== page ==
There are many things affecting the effectiveness of education and that is the philosophies and theories that keep coming around every five or six years. That "merry go round" of strategies is costly because teachers receive training for so many things with new names and same 'ol ideas, many of them FLAWED.
For example: Mainstreaming special education students. All schools receive funds, but special education receives extra funding. In California, there may be as much as 35-40 students in a classroom vying for the attention of the teacher, however, in that mix you will find anywhere from 1-20 special education students; usually Resource or RSP. In some of these mainstream classes you may find an aide helping the teacher, but it's not likely, even though there ARE aides. In fact, it's a school problem statewide.
RSP teachers receive basically the same pay as regular education teachers, but they get two prepping periods. All other teachers receive ONE. That is fine, considering that special education has IEP's (Individual education plans) so there is paperwork, although the regular education teacher fills it out for the students in their classes. There are also IEP meetings which take place during the school day; often leaving out the regular education teacher input during the meeting. Regular education teachers however are expected to show for those meetings after school.
Now this is where the funding is more clearly inequitable: Special education isn't always working on IEP's and the Resource students, not having an aide in the regular classroom, demand constant attention from an overwhelmed regular education teacher. That constant, REAL need for attention, takes away from all regular education students. Regular education students also suffer from many quirks afflicting the Special education student; often leaving a regular education student to be victimized by a student who should never have been in that same class, because they are not at the same LEVEL of regular education students.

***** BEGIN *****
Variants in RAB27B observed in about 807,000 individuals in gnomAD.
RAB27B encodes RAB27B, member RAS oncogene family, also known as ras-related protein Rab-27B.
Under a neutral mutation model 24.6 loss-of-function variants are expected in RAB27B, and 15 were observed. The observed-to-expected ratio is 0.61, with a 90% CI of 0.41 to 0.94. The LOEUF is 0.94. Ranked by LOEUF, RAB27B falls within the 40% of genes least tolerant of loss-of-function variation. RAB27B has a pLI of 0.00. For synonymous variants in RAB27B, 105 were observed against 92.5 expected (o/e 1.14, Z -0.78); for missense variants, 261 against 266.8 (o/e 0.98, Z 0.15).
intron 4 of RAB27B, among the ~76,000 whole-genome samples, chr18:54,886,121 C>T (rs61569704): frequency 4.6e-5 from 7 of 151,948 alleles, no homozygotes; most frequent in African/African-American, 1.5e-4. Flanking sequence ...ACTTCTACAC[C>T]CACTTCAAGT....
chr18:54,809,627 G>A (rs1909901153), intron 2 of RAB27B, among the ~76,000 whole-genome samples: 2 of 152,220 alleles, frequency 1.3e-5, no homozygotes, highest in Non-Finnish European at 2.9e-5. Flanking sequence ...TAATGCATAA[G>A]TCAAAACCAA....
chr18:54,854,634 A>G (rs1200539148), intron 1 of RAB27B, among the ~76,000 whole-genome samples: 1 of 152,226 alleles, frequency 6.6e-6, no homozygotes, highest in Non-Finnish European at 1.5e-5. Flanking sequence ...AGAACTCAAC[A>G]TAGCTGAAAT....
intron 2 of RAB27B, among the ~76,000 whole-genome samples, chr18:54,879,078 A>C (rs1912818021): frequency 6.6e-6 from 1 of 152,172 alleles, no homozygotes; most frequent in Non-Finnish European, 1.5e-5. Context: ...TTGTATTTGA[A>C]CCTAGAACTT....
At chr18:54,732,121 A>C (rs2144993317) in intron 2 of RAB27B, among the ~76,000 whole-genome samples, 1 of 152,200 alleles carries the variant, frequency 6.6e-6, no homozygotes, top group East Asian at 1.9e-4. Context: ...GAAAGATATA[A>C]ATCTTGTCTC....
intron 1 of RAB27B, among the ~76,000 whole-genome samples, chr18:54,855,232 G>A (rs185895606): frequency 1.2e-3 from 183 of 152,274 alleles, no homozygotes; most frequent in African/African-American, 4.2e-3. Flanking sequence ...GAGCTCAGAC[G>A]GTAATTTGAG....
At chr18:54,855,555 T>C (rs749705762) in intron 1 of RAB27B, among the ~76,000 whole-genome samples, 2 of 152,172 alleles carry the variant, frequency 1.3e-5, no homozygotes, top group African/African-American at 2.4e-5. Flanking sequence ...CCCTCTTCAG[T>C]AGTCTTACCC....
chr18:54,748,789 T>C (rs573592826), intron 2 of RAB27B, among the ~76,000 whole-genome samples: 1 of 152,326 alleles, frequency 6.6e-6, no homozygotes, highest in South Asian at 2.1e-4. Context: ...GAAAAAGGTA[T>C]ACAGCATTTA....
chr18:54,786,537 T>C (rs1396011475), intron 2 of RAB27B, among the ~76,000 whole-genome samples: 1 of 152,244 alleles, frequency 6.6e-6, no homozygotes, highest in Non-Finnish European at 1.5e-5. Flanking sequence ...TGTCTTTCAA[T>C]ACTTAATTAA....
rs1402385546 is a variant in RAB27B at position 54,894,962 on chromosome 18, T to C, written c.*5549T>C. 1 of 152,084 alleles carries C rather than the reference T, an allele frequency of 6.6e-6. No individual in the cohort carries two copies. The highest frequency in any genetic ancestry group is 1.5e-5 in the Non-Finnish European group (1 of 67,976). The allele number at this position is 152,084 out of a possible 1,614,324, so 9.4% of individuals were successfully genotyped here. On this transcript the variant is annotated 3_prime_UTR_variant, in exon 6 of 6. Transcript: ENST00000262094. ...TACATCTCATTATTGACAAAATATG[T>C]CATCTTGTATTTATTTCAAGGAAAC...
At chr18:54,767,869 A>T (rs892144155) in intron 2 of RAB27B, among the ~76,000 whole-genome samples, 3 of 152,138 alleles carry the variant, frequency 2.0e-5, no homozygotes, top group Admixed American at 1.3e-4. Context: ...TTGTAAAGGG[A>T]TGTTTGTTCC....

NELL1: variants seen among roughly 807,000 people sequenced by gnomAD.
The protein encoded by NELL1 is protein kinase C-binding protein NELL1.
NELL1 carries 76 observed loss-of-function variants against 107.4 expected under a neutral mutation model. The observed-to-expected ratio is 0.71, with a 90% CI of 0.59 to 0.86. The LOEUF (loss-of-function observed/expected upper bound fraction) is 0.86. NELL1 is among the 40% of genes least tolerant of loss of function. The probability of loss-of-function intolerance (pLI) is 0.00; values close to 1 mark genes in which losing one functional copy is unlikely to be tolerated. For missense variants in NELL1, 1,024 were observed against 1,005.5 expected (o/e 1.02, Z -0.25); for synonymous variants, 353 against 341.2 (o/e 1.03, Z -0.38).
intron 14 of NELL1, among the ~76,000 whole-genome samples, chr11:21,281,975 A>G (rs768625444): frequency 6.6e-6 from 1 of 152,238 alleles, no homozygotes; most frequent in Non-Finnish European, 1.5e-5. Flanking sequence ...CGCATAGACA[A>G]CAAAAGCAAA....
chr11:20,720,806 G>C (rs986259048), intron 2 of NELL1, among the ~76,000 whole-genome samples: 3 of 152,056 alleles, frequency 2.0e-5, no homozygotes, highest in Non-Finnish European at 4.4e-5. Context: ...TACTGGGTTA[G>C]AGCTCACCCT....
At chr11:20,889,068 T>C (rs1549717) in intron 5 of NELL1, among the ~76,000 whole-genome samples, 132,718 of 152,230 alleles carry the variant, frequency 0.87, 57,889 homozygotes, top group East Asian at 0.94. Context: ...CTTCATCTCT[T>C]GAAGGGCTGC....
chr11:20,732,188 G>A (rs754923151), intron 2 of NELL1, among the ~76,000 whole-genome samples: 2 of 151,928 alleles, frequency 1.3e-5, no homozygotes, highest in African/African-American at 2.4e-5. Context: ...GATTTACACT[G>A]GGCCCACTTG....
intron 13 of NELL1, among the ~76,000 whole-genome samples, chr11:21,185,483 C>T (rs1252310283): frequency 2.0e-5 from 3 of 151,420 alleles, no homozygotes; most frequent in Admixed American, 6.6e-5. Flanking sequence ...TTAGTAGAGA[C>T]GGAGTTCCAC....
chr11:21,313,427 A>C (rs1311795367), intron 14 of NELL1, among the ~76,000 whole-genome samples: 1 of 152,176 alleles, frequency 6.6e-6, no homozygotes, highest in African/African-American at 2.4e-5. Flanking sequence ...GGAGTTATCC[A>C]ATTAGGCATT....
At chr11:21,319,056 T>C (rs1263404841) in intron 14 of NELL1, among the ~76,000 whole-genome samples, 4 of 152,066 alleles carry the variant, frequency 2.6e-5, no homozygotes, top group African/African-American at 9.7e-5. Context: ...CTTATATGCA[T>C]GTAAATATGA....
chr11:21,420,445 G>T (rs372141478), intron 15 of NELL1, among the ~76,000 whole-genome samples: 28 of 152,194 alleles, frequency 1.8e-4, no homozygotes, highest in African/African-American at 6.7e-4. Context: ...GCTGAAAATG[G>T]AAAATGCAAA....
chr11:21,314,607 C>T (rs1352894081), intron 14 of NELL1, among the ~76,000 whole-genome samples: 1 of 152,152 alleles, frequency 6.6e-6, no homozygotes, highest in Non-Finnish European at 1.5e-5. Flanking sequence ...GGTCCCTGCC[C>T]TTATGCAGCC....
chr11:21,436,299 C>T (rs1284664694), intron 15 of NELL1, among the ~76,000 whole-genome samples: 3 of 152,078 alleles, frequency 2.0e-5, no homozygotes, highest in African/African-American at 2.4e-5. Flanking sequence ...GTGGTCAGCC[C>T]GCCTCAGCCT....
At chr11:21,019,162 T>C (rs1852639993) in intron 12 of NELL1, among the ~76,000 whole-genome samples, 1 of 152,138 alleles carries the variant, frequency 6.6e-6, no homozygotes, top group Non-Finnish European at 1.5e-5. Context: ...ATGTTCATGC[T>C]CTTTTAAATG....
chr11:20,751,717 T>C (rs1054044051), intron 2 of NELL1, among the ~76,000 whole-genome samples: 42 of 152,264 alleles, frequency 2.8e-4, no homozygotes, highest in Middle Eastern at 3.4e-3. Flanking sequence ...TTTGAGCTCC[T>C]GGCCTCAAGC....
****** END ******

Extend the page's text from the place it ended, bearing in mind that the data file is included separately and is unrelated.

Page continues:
One way schools and special education departments try to get around this, at least in San Bernardino County, is by claiming students are in special groups or classes called Read 180, that way they are no longer in a TEACHERS system as RSP but Read 180 and that takes away the right of the teacher to have an aide in the class. This signifies a dangerous turn in education, favoring special educations desire to mainstream students without providing regular education teachers the resources available to those in special education such as an aide in the classroom. So in a sense, highly funded special education is pulling form regular education resources.
Special education funding and scheduling of students is UNFAIR to regular education students who are often times compromised in their education in order to accommodate the needs of Special Ed. Considering that we all pay taxes for all to be educated, it seems WRONG that any regular education child should have to give up their quality of education, in order to mainstream and accommodate a special education student; especially if there is funding that covers special education classes that range from as low as four students to 15; with a teacher and aide; yet no such accommodation is provided in the regular class.
I'd like to know if any other teachers out there feel this way.